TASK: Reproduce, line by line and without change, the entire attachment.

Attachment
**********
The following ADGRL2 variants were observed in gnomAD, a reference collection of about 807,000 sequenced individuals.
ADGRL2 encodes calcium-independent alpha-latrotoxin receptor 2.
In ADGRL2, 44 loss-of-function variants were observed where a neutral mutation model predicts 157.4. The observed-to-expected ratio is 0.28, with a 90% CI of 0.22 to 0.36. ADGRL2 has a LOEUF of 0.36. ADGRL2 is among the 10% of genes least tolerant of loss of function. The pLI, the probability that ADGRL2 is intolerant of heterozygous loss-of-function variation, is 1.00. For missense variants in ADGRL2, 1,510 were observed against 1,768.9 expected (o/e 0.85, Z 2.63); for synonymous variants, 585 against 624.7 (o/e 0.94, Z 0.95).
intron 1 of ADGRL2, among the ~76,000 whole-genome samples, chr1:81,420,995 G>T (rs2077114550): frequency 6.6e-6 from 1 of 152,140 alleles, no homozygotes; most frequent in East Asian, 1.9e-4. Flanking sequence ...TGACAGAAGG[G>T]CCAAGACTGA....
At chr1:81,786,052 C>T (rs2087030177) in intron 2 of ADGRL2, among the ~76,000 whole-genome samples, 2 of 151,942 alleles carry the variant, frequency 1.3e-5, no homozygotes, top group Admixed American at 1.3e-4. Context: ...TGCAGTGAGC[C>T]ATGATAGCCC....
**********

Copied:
The following ADGRL2 variants were observed in gnomAD, a reference collection of about 807,000 sequenced individuals.
ADGRL2 encodes calcium-independent alpha-latrotoxin receptor 2.
In ADGRL2, 44 loss-of-function variants were observed where a neutral mutation model predicts 157.4. The observed-to-expected ratio is 0.28, with a 90% CI of 0.22 to 0.36. ADGRL2 has a LOEUF of 0.36. ADGRL2 is among the 10% of genes least tolerant of loss of function. The pLI, the probability that ADGRL2 is intolerant of heterozygous loss-of-function variation, is 1.00. For missense variants in ADGRL2, 1,510 were observed against 1,768.9 expected (o/e 0.85, Z 2.63); for synonymous variants, 585 against 624.7 (o/e 0.94, Z 0.95).
intron 1 of ADGRL2, among the ~76,000 whole-genome samples, chr1:81,420,995 G>T (rs2077114550): frequency 6.6e-6 from 1 of 152,140 alleles, no homozygotes; most frequent in East Asian, 1.9e-4. Flanking sequence ...TGACAGAAGG[G>T]CCAAGACTGA....
At chr1:81,786,052 C>T (rs2087030177) in intron 2 of ADGRL2, among the ~76,000 whole-genome samples, 2 of 151,942 alleles carry the variant, frequency 1.3e-5, no homozygotes, top group Admixed American at 1.3e-4. Context: ...TGCAGTGAGC[C>T]ATGATAGCCC....